2014 has been a wonderful reading year for me. It was a year of re-reading old favorites, finding new authors to love, and just enjoying the book journey. The year began and is ending with two beloved books: The Wind in the Willows, by Kenneth Grahame, and The Collected Stories of Winnie the Pooh, by A.A. Milne, both audiobook versions of childhood favorites. What pleasure to listen to both those books again! What warm memories of hearing them read over and over by my Dad, gone now 20 years. That’s the magic of books — book memories are timeless, and the pleasure never gets old. As we welcome in the New Year, this is my wish for you, dear book friends: May you have a wonderful reading year that adds many warm and timeless memories to your reading life!  Happy New Year everyone!me cg presenter.indd

Summer Reading

red_mug

Now that I’m retired, summer reading has taken on a whole new meaning for me. For one thing, my summer is longer with much more time for sitting on the porch and reading. Yay! I don’t have to spent most of June finishing teaching units, grading papers, and writing report cards. I don’t have to take classes in July to update my teaching certificate. And I don’t have to spend days and weeks in August preparing my classroom and going to district teacher meetings. Although I miss my kiddos, I am happy now that I can just enjoy reading on my front porch! And doesn’t that sounds heavenly?!

Hobbit-coverSo I decided to start my “Summer Reading” on June 1st this year with a re-read (this is the 6th time) of an absolute favorite of mine: The Hobbit, by J.R.R. Tolkien.

It was early in 1968, having just returned from a year abroad as an exchange student, when I read a reprint of an article by W.H. Auden from The New York Times. It was a review of a series of books by an English author, J.R.R. Tolkien. They sounded so good, I quickly went out and bought all 4 books: The Hobbit, The Fellowship of the Ring, The Two Towers, and The Return of the King. Those delightful hours spent reading those books set the standard for my summer reading. Total immersion into a different world… Traveling there and back again without having to leave my comfortable summer reading spot… Complete enjoyment of beautiful writing and wonderful creativity…  I would love to recapture some of those delightful reading moments from long ago!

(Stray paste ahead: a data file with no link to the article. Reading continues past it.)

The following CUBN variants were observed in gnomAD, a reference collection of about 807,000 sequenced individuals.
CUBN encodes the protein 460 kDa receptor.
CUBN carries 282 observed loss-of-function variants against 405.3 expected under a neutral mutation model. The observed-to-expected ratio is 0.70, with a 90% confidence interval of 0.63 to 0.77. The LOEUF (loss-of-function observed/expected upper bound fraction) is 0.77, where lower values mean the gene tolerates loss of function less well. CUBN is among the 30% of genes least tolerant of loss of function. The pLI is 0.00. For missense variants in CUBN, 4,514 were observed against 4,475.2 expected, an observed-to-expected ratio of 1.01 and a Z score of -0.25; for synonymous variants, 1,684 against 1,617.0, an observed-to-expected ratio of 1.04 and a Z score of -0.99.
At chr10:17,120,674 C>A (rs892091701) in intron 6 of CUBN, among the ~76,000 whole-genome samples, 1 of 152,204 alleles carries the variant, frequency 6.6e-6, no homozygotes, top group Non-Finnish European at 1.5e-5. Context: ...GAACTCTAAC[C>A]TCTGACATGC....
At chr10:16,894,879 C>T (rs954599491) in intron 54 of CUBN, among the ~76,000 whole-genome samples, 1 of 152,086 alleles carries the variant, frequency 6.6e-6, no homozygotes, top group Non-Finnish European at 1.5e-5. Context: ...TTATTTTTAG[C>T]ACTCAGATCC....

So… I am reading and enjoying, once again, The Hobbit.

By some curious chance one morning long ago in the quiet of the world, when there was less noise and more green…

ORgarden08.5

Hobbit house at the Oregon Garden, Silverton, Oregon…

I’m Dancing!

Us

Things change. That’s for sure. The husband and I are are coming up soon on the one-year anniversary of our retirement, and retirement is the biggest change we’ve made in many a year, with plenty of adjustments to make and challenges to face, but it has been very positive for us, I’m happy to say.

If I admit to being retirement age, then I must admit, also, to some of the changes that are inevitable as I move into that age/stage. In my case, it’s hearing loss and getting hearing aids. As any teacher knows, and any hearing specialist will confirm, spending 27 years in a classroom can be hard on the ears. My classroom for most of those 27 years was particularly bad because it had metal walls. So lots of voices, and ventilation systems noise, and bells ringing loudly, have finally taken their toll. (I should probably add into the mix those very loud concerts I used to enjoy — including Jimmy Hendrix and Janis Joplin!) The sum total is that I now need hearing aids.

But I’m really jazzed about them because all of a sudden I can hear nuances again! I can hear my daughter’s quiet voice without having her repeat everything she says to me! My husband no longer mumbles. And, I decided that since I need hearing aids, I deserve some special stuff to go along with them. So along with the hearing aids, I ordered a bluetooth “streamer” so that I can listen to audiobooks (or music) through my hearing aids. Sweet! I’m going to enjoy many, many audiobooks with such a nice system!

So, yes, big changes in my life, but that’s okay. I’ll be enjoying my audiobooks more than ever, and I will keep foremost in my mind something very wise that Alan Watts said about change:

The only way to make sense out of change is to plunge into it, move with it, and join the dance.